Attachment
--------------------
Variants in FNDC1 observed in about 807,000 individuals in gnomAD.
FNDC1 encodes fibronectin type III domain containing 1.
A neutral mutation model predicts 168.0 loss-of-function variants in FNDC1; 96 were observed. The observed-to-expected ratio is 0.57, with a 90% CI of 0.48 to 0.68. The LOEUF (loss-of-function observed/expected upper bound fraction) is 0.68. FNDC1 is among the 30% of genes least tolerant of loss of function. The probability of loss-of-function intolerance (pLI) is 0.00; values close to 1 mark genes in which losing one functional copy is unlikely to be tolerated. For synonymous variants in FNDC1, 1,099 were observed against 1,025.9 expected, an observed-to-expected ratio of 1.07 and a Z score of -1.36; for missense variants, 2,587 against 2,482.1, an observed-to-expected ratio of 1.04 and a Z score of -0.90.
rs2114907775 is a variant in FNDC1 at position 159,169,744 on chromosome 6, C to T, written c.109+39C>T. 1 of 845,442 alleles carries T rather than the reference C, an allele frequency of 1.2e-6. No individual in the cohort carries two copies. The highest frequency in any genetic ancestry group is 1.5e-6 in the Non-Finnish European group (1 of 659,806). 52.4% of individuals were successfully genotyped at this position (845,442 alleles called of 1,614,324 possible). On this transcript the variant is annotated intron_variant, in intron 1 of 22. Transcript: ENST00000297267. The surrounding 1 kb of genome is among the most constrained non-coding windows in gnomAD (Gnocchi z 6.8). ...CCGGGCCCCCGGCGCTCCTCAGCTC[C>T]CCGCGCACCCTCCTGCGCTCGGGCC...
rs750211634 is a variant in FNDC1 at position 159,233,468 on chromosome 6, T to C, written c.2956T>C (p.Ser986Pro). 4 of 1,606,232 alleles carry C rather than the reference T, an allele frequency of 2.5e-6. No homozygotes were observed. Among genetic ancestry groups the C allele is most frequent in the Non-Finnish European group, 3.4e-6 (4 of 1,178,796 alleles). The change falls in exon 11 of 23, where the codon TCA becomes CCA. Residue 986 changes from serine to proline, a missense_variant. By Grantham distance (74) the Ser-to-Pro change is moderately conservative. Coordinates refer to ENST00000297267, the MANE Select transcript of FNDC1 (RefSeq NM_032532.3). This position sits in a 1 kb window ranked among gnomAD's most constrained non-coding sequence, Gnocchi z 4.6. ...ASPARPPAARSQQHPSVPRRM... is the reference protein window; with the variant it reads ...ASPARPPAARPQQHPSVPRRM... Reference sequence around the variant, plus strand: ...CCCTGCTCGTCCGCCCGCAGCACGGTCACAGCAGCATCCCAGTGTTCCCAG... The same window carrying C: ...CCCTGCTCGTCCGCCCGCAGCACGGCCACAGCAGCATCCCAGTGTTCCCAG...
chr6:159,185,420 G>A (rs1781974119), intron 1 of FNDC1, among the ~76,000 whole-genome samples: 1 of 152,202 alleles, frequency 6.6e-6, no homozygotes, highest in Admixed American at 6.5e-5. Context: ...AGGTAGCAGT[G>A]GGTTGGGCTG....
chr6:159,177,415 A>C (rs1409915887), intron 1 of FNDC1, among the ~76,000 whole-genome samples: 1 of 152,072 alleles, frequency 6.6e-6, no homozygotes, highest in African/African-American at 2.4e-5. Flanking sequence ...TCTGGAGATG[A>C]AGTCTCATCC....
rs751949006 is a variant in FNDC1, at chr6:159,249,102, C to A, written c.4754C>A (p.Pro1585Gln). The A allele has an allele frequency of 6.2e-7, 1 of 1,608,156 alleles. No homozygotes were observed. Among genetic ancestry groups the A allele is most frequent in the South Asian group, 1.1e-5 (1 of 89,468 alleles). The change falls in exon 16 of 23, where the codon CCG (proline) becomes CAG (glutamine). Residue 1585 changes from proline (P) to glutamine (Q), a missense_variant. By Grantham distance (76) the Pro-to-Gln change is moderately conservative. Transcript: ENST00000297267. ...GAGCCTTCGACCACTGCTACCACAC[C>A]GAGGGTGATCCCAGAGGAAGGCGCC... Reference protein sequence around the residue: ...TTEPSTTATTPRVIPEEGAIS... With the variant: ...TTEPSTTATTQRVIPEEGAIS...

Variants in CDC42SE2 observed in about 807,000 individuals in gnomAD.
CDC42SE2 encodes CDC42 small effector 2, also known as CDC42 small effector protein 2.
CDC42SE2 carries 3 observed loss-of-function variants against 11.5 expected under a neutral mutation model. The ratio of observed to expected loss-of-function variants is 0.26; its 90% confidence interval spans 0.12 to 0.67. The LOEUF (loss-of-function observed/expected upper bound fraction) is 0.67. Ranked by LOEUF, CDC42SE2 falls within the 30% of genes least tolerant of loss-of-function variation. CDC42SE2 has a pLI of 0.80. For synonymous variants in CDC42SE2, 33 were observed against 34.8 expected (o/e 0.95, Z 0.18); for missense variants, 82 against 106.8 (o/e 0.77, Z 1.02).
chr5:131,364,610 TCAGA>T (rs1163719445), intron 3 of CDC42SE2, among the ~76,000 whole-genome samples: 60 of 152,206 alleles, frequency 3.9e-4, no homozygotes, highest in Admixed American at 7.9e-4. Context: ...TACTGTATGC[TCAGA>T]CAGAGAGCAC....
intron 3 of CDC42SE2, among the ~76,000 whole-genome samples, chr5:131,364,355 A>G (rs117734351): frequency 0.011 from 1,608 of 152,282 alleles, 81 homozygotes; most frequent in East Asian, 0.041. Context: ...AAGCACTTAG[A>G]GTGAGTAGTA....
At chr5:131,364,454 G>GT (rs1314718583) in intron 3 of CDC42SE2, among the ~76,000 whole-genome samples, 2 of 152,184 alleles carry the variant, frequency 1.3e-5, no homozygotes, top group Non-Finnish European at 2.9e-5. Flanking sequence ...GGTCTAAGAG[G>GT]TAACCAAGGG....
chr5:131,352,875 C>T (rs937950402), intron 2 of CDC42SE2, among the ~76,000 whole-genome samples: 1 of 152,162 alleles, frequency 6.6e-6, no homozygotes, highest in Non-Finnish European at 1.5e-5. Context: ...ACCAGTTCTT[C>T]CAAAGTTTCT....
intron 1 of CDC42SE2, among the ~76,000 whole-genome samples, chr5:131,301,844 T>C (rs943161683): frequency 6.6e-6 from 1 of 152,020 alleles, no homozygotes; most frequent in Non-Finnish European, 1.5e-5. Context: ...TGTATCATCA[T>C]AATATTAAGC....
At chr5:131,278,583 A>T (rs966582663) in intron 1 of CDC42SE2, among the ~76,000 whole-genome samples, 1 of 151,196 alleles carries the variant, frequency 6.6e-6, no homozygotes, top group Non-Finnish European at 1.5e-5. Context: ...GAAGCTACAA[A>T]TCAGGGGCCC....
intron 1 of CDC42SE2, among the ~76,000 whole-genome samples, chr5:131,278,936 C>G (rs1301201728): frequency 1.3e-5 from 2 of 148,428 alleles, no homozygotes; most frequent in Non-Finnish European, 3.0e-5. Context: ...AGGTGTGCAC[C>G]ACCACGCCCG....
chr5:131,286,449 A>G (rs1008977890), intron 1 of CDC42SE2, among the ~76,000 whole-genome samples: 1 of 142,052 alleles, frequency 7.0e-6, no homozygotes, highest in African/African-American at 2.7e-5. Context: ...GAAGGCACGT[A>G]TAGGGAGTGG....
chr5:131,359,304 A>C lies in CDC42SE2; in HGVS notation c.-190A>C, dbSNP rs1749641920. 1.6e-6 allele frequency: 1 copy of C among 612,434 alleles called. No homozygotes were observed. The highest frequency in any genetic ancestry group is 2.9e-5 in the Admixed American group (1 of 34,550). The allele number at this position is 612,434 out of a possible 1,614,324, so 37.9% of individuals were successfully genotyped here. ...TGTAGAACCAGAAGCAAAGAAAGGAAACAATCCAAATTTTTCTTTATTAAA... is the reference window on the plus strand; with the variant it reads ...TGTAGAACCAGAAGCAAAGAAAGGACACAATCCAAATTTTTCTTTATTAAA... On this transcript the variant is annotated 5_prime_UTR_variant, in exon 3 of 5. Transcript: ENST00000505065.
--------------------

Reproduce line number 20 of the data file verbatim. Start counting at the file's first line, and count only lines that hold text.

chr5:131,359,304 A>C lies in CDC42SE2; in HGVS notation c.-190A>C, dbSNP rs1749641920. 1.6e-6 allele frequency: 1 copy of C among 612,434 alleles called. No homozygotes were observed. The highest frequency in any genetic ancestry group is 2.9e-5 in the Admixed American group (1 of 34,550). The allele number at this position is 612,434 out of a possible 1,614,324, so 37.9% of individuals were successfully genotyped here. ...TGTAGAACCAGAAGCAAAGAAAGGAAACAATCCAAATTTTTCTTTATTAAA... is the reference window on the plus strand; with the variant it reads ...TGTAGAACCAGAAGCAAAGAAAGGACACAATCCAAATTTTTCTTTATTAAA... On this transcript the variant is annotated 5_prime_UTR_variant, in exon 3 of 5. Transcript: ENST00000505065.